Paul Cockayne – 07791 970406 – firstname.lastname@example.org
Welcome to my counselling blog. You can find more information about me by clicking one of the links at the top of this page
I was sitting in my car waiting at the traffic lights yesterday, thinking about – well – traffic lights, and the emotions they evoke.
Red lights annoy me – they hold me up. I dislike having to wait. If I know where I am going, or what I want, I like to happen as soon as possible, I get impatient with waiting. Buy why? As I think about it now, I realise that I am not like this in all situations. There can be something very exciting about waiting, at times. The build-up to an important event, for example, can be compelling. “Tingling with anticipation”. I remember a decent amateur footballer I used to know who talked about the build up to a match, which started when he’d get home from his match on a Saturday. Unpacking the kit, washing it, cleaning his boots – all these seemingly tedious tasks were part of a building excitement, a ritual that led to another math in a week’s time. The build-up to Christmas can be similar and the ritual of opening the advent calendar, like the footballer cleaning his boots, adds to the anticipation of the event itself.
Amber lights can be even more annoying than red, I think. Sitting well back in a queue, as the lights change, it can seem to take forever between the lights changing and the car in front of us moving. I have an idea – a little fantasy – that when the lights change, everybody should move off immediately, rather than waiting for the person immediately in front of them to move. Think how much time we’d all save if we did that! And what could possibly go wrong? Well, I suppose there might be the occasional crash. But it’s strange how distorted our impression of time can be. A few seconds sitting in a queue can seem a long time when we’re ready to go but others delay us. I’m aware that when I’m sitting at the front of the queue, I always try to make sure that I move off promptly when the lights change, so as not to hold everybody else up, even for a few seconds!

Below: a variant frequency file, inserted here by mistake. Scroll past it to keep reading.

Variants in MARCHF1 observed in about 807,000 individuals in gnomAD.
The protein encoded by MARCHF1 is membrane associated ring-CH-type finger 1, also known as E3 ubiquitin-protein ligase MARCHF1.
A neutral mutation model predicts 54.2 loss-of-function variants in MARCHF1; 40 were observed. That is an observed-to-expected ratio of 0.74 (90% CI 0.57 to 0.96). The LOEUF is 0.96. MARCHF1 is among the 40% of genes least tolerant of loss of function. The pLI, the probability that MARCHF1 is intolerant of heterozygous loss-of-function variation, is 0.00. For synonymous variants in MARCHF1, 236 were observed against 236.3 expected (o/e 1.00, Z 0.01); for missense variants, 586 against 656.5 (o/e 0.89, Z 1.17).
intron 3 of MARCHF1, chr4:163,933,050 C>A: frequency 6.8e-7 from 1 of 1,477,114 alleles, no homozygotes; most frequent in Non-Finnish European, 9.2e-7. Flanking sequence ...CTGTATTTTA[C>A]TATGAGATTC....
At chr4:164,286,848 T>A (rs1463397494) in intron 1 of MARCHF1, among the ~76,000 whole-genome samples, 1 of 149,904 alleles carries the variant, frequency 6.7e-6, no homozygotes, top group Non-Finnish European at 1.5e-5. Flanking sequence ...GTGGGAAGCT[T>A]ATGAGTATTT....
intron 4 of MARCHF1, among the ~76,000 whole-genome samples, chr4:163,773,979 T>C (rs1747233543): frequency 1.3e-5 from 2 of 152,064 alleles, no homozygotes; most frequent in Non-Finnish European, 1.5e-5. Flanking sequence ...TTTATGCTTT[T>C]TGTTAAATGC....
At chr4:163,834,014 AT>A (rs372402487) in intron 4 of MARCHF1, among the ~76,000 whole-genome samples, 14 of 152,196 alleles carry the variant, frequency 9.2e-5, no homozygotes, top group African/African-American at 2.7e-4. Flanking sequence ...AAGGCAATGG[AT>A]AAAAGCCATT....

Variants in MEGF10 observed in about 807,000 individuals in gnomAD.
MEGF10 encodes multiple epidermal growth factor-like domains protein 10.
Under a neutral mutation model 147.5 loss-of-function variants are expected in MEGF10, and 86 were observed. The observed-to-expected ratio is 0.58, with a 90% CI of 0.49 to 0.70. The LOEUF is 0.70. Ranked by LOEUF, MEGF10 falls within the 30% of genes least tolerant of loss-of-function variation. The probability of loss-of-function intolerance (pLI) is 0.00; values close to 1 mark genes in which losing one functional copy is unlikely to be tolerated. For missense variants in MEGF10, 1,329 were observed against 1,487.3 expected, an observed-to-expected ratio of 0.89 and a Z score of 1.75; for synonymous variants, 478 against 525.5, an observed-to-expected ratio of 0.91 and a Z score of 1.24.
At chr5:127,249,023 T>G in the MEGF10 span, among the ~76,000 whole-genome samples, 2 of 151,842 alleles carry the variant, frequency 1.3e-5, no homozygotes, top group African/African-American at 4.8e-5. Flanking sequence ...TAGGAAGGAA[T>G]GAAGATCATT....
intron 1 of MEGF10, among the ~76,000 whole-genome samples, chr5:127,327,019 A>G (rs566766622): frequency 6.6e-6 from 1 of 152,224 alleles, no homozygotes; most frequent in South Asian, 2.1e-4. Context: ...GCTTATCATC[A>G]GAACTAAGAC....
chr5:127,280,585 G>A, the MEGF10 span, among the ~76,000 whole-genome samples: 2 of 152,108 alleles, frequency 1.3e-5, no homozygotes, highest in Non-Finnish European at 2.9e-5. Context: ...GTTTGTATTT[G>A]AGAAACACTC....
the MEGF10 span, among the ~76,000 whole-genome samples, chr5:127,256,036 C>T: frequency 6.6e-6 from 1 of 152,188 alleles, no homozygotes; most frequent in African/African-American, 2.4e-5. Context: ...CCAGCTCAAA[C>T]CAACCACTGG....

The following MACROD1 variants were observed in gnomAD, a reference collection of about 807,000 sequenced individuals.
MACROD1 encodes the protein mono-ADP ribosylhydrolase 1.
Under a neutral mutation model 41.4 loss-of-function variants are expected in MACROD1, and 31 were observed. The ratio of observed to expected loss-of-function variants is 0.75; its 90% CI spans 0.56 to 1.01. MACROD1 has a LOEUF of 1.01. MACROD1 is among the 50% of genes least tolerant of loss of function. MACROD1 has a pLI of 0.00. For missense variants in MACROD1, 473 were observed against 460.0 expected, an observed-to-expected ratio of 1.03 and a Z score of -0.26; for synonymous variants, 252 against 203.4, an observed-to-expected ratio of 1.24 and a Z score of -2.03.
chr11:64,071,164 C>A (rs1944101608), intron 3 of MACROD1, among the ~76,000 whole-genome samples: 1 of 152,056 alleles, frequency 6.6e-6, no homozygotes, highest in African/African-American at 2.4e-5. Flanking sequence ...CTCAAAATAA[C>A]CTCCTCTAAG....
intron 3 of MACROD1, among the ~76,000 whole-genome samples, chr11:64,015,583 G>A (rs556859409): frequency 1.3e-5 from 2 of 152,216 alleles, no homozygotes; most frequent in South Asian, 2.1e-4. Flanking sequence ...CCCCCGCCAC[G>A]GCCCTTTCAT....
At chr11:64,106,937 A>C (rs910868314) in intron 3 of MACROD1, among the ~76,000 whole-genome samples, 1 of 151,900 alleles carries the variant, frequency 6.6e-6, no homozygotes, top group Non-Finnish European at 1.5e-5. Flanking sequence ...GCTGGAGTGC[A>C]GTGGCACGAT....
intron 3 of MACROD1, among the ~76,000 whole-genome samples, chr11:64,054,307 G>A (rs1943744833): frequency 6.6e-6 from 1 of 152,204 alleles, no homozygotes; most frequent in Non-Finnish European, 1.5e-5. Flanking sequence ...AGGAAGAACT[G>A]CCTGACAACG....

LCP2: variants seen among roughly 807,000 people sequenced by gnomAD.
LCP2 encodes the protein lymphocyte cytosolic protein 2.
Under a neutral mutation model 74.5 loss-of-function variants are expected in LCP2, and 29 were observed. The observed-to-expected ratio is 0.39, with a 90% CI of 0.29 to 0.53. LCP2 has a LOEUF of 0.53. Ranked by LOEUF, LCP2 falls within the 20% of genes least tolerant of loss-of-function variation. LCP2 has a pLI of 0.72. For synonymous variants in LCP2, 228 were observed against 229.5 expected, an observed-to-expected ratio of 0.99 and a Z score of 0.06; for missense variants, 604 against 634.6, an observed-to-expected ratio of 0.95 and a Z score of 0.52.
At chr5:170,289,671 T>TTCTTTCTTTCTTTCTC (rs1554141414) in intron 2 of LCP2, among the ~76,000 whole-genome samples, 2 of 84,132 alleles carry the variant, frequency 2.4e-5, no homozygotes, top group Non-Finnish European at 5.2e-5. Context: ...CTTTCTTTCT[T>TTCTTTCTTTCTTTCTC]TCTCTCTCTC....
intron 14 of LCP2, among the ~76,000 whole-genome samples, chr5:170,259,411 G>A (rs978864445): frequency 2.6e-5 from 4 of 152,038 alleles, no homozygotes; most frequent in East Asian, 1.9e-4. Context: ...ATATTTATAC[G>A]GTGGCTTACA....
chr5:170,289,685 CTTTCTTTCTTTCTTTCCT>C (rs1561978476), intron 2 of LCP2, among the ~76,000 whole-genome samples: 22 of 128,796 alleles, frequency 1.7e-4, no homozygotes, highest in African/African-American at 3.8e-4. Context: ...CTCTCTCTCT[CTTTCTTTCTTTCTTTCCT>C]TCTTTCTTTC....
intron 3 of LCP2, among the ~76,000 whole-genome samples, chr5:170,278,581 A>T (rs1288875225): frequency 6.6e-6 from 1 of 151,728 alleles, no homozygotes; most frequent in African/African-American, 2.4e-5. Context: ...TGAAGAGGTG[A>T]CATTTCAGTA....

Amber lights, too, can be a signal to stop – that the lights are about to go red. Increasingly, they seem to be a seen as a challenge. Drivers seem to accelerate through amber lights as a matter of routine. A rebellion? Defiance? Outsmarting the authorities?
Green for go. Good news, surely? Well, I remember being driven, in my teens, by a family friend who hated green lights. As she approached them, she became fearful that they would change to amber, and that she would not be able to brake in time to stop. So she would slow down, driving as if the lights were already red, just in case they changed. And then, if the lights remained green, would come the awful decision, for her, about when to accelerate and go through them. She was, I suppose, a pessimist. Maybe she expected things to go wrong for her. Perhaps life was littered with disappointments and she had learnt to take nothing for granted. She may have felt that he idea of a free passage through the lights was just a trick.
How do the different phases of the lights affect you?